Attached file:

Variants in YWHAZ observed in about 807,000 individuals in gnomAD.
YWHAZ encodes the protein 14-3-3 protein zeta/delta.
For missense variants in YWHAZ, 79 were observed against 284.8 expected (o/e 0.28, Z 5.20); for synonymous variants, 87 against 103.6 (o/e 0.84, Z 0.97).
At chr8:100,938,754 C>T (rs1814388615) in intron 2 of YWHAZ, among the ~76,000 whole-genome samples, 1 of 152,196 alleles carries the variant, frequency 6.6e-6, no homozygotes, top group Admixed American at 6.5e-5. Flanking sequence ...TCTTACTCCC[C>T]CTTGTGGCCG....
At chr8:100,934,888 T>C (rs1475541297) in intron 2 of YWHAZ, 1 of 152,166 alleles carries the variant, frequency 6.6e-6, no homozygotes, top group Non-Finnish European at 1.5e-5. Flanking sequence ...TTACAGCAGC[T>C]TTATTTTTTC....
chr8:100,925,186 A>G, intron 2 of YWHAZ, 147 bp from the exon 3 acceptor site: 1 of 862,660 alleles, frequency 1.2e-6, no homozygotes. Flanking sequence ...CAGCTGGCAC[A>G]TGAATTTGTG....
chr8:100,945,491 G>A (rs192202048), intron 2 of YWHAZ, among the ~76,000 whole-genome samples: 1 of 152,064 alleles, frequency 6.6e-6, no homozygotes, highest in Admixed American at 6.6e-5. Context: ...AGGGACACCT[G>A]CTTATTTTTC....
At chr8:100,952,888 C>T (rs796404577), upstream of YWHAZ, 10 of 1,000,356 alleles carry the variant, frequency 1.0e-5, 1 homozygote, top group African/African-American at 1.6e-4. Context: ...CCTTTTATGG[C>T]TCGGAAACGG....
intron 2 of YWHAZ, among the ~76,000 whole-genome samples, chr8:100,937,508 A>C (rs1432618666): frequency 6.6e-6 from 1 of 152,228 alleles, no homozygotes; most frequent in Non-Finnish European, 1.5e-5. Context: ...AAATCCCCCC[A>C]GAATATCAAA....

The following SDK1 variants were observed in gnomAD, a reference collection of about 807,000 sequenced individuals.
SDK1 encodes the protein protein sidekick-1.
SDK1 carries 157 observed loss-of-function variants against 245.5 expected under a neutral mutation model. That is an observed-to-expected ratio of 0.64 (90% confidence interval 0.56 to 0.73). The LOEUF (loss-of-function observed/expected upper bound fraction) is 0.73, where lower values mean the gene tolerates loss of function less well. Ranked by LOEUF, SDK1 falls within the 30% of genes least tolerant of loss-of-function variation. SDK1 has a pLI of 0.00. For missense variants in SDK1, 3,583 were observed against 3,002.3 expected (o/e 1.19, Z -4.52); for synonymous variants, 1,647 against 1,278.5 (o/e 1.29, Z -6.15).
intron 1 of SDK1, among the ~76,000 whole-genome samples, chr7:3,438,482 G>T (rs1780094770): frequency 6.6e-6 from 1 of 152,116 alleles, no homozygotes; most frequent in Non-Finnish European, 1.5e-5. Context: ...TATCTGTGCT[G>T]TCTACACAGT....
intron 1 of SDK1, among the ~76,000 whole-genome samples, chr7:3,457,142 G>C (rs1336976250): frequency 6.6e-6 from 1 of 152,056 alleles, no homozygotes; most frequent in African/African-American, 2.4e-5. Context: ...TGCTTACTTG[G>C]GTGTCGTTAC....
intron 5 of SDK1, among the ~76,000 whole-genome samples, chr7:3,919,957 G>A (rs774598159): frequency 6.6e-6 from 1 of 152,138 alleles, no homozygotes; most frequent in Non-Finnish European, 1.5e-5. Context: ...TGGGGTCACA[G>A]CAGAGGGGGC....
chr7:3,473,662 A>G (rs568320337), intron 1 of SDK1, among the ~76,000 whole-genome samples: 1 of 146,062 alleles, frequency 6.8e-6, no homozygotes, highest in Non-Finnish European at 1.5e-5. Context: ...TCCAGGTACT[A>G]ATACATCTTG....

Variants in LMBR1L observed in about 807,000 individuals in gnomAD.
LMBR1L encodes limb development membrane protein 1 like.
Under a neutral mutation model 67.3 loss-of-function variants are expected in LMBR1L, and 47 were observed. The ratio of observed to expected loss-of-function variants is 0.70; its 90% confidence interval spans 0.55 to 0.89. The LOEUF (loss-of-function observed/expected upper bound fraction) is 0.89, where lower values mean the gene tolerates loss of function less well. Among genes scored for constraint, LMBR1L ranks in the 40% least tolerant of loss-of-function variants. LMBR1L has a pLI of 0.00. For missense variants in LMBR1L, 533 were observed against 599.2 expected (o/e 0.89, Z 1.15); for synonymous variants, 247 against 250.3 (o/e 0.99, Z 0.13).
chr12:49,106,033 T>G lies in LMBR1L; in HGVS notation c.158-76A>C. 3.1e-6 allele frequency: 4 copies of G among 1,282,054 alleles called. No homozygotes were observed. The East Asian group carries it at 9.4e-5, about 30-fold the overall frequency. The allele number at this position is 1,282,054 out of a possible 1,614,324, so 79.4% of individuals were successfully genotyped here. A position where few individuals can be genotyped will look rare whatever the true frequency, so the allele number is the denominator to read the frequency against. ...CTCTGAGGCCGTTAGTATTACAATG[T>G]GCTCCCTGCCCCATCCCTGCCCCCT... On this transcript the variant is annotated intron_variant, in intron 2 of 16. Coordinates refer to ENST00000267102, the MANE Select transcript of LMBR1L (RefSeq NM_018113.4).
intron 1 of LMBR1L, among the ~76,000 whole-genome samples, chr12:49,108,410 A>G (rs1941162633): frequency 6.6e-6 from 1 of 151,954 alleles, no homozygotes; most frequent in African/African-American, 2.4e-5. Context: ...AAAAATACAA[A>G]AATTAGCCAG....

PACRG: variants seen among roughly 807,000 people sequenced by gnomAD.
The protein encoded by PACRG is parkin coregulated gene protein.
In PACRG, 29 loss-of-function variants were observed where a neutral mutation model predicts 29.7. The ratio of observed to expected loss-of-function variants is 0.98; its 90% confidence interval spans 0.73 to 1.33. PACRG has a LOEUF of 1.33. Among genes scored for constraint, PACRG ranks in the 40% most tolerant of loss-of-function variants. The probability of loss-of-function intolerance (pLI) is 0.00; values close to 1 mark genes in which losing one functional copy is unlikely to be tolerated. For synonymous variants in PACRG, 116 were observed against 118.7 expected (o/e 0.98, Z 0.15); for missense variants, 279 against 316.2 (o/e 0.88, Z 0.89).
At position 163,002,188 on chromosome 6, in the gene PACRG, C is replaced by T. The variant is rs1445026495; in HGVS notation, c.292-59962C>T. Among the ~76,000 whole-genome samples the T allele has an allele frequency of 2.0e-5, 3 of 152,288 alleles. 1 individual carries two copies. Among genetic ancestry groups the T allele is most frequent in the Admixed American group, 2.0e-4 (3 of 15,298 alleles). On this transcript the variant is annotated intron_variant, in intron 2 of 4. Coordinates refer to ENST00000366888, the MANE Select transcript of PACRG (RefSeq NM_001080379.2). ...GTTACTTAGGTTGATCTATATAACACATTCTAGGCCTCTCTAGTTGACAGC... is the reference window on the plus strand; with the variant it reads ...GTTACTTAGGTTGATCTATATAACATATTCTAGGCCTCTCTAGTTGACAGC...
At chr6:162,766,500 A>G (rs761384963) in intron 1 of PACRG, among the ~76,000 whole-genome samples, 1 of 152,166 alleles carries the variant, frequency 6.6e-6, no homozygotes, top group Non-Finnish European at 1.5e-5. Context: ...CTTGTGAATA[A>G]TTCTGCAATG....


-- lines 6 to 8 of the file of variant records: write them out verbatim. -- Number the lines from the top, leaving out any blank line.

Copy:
chr8:100,925,186 A>G, intron 2 of YWHAZ, 147 bp from the exon 3 acceptor site: 1 of 862,660 alleles, frequency 1.2e-6, no homozygotes. Flanking sequence ...CAGCTGGCAC[A>G]TGAATTTGTG....
chr8:100,945,491 G>A (rs192202048), intron 2 of YWHAZ, among the ~76,000 whole-genome samples: 1 of 152,064 alleles, frequency 6.6e-6, no homozygotes, highest in Admixed American at 6.6e-5. Context: ...AGGGACACCT[G>A]CTTATTTTTC....
At chr8:100,952,888 C>T (rs796404577), upstream of YWHAZ, 10 of 1,000,356 alleles carry the variant, frequency 1.0e-5, 1 homozygote, top group African/African-American at 1.6e-4. Context: ...CCTTTTATGG[C>T]TCGGAAACGG....